Unless Julian is released shortly he will be destroyed. If the state can do this, then who is next?


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856 thoughts on “Assange in Court

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  • 6033624

    My own thoughts on the February date are that it either has to be a political consideration or a practical one

    Obviously they want this done quickly in any event for two reasons. Firstly you WOULD always want these matters dealt with swiftly, even if it were legal and above board but secondly I think, rather obviously, they are seeking to prevent a proper defence.

    It could be that timing is important for the sake of upcoming US electioneering? But, and I know little of this, it may be a consideration due to matters sealed by the court in the US or connected to the (I think) continued incarceration of Chelsea Manning. Is her incarceration time-limited? Does it have to be renewed? Would her reappearance in court tie in with this date, or the predicted outcome from the trial??

    Looking to Julian’s appearance and the way he was acting it is obvious that being held in solitary without the opportunity to mingle with the general population (jail) is taking its toll. Lack of human contact quickly causes mental problems, surprisingly quickly even for those with the strongest personalities. This is not some kind of short term punishment either, as such I thought this was illegal? Long term solitary is, as far as I know illegal in the UK and internationally. After all, it’s not just being on his own in a cell, he exercises alone and, as you say, the area is cleared before he can even walk through it. This has been designed to mentally torture him, there is no other reason.

    Added to the above and his very real poor mental state I would imagine that the prison are prescribing him something, or perhaps more than one drug. From personal experience I know that heavy doses of certain anti depressants can produce all of the symptoms you have described ie weight loss, hair loss, inability to concentrate for more than a few seconds, difficulty even forming coherent thoughts and sentences. These drugs CAN be useful but only for people who have a requirement due to psychosis, violent outbursts, suicidal or homicidal ideation etc. Prescribing them to someone who is (as is likely) suffering from clinical depression (his inhumane treatment would certainly lead to this I would have thought) would certainly not improve his condition but worsen it. But although it would be obvious to US it may not be obvious from his medical records, drugs have a different impact on every individual so SOME people (I have personally experienced this) are put on what ‘appears’ to be unsuitable drugs but with a good outcome, this is usually done ONLY if the patient has already tried the first and second line drugs without success. To me it appears he has been put on something very strong and a very high dose along with a secondary drug too. This will keep him quiet, disoriented and weak. By raising and lowering the dosages they can induce further bouts of what appears to be depression but is actually a withdrawal effect from the drug, just one ‘step’ down could produce up to 2 weeks of deep depression. Couple this to another night time tablet and he will be tired and unable to think at most times.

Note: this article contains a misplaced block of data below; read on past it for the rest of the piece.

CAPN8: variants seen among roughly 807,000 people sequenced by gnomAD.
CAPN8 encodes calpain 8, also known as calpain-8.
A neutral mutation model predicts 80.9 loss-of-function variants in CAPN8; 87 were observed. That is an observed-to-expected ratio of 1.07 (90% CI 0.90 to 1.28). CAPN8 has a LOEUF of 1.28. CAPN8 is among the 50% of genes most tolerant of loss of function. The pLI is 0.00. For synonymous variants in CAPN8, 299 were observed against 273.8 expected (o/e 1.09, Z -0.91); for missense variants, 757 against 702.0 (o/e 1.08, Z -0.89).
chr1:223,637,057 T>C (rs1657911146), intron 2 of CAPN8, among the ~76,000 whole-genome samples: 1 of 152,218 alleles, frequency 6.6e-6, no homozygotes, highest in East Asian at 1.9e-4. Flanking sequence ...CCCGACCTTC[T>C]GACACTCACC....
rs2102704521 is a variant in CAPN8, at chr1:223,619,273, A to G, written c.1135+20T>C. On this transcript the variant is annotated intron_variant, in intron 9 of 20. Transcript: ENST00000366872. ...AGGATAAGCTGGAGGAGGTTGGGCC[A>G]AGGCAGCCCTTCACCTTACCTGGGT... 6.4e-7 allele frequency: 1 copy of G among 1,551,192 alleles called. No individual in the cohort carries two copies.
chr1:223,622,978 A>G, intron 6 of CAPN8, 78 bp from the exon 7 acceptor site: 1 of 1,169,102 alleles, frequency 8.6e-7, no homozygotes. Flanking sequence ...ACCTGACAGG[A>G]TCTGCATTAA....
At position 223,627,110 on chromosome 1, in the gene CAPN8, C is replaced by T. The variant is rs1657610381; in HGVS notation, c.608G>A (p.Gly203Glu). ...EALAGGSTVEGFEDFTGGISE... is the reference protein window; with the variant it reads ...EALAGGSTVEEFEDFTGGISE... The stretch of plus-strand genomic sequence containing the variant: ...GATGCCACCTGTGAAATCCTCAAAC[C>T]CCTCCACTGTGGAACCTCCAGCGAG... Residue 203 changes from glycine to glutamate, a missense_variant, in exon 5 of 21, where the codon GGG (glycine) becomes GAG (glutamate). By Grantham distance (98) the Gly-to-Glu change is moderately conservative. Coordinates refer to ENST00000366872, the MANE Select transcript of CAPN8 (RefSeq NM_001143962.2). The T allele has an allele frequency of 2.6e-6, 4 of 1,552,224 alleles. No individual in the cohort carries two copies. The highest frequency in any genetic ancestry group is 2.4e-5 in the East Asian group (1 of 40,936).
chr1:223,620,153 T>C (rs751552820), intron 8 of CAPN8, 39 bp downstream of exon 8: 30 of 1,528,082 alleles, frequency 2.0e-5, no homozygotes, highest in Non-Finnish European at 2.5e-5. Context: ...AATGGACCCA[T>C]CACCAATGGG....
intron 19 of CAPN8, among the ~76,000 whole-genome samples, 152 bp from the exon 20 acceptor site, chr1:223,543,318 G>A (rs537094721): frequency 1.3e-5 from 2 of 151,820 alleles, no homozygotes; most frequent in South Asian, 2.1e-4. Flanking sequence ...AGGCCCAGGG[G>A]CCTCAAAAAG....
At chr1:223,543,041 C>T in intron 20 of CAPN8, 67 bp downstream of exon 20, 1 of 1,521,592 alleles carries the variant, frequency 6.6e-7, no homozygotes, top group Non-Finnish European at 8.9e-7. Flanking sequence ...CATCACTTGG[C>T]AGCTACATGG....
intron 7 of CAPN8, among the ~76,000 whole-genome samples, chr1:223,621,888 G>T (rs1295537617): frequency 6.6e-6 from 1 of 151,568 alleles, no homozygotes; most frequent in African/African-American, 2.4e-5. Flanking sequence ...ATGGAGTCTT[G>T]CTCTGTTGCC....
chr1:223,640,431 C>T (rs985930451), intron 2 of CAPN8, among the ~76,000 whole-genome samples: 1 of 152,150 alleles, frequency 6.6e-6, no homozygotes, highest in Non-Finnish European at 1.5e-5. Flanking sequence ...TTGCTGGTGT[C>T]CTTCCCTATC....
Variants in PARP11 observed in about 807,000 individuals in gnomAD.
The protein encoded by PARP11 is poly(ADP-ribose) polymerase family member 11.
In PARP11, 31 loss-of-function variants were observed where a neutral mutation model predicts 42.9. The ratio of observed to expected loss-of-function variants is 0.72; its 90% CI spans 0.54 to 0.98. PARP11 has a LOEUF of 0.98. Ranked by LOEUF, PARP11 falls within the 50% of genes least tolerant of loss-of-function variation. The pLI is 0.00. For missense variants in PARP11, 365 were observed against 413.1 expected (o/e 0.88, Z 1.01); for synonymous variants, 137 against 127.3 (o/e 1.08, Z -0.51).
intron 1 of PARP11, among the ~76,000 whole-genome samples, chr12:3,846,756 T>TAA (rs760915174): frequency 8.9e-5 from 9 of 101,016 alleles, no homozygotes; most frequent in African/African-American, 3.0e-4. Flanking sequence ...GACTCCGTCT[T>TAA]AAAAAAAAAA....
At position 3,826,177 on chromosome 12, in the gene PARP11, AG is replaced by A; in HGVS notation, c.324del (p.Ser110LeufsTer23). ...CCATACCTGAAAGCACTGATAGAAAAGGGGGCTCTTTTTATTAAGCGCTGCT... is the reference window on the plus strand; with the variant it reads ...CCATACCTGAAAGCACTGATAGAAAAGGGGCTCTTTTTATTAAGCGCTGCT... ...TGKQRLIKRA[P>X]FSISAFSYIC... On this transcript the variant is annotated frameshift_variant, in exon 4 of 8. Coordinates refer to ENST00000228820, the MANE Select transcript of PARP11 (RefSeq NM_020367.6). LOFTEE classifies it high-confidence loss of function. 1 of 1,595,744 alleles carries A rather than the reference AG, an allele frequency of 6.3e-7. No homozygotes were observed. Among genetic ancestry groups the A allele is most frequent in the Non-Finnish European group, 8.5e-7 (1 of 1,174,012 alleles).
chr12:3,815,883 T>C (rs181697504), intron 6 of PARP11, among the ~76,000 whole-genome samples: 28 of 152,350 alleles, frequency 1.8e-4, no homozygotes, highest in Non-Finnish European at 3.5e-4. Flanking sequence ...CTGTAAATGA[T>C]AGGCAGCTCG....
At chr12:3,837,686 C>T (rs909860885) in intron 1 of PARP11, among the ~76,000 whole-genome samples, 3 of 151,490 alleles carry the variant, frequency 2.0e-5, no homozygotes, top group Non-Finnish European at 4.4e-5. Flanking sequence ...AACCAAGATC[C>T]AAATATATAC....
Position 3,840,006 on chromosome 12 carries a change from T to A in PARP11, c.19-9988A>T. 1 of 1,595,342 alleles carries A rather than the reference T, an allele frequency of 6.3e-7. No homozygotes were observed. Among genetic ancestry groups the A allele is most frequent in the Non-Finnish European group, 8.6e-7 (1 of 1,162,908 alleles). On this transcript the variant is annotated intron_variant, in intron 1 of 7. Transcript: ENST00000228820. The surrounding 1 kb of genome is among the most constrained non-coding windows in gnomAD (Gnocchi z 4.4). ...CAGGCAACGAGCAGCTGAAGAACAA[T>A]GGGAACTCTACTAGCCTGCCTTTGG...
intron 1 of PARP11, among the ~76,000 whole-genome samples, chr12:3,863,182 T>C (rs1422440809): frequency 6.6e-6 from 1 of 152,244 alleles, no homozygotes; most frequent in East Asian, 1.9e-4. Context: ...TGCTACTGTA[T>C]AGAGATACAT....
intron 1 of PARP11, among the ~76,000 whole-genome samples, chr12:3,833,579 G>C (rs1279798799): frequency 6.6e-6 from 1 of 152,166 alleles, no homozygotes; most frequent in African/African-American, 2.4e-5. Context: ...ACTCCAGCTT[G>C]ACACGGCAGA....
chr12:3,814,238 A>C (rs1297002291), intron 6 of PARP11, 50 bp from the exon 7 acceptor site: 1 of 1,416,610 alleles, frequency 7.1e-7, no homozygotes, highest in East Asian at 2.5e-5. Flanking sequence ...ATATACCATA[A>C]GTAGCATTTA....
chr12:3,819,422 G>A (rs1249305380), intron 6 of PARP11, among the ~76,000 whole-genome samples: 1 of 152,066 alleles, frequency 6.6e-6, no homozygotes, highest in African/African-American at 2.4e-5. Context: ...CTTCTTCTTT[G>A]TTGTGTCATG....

We know ths can, and has, been done in the past. Patients in mental hospitals were treated like this in the bad old days, as were children in residential care homes. This was thought to have been left in the past, it hasn’t. Unfortunately I have seen this for myself when an inmate in a psychiatric hospital. Heavy doses of venlafaxine, trazadone and zopiclone, then drop a dose of venlafaxine to produce withdrawal leading to a further episode of acute depressive behaviour which justifies keeping someone either where they are, or on the drugs they are on. Very easy for someone who has access to the patients to torture them without their knowledge. I’m not saying this is at all common, it’s not. I’m saying it DOES happen and that Julian’s behaviour bears the hallmarks.

    I hope I’m wrong…

    • emma portman

      I have read a report from an inmate that they are injecting him daily with BZ to destroy his brain. I have also read that the CIA has been able to retrieve from him under heavy drugs the “keys” to his files revealing the names of whistleblowers. I cannot corroborate this information.

  • Gerald Fords Dog

    Why February? A General election and the possibility of a Corbyn Govt or Corbyn coalition.

  • Dan

    XXI century.

    Never forget this shit (and maybe start keeping up and catching up with it if all you know is propaganda dross and other mind control bullshit). The case of Assange and Wikileaks will always be proof that most concepts used to elevate Western “democracies” to something other than a slightly more manageable form of Feudalism are false. Sovereignty. Gone. Rule-of-law and due process. Gone. Separation of the justice system and the State(s) HAHA. The UN. No on cares. Torture. Sure why not. Transparency. Pff. Exposing War Crimes and national and global Corruption. NO CAN DO! Unaccountable and invisible actors persecuting those who expose them? Conspiracy theories from “Russian Assets”.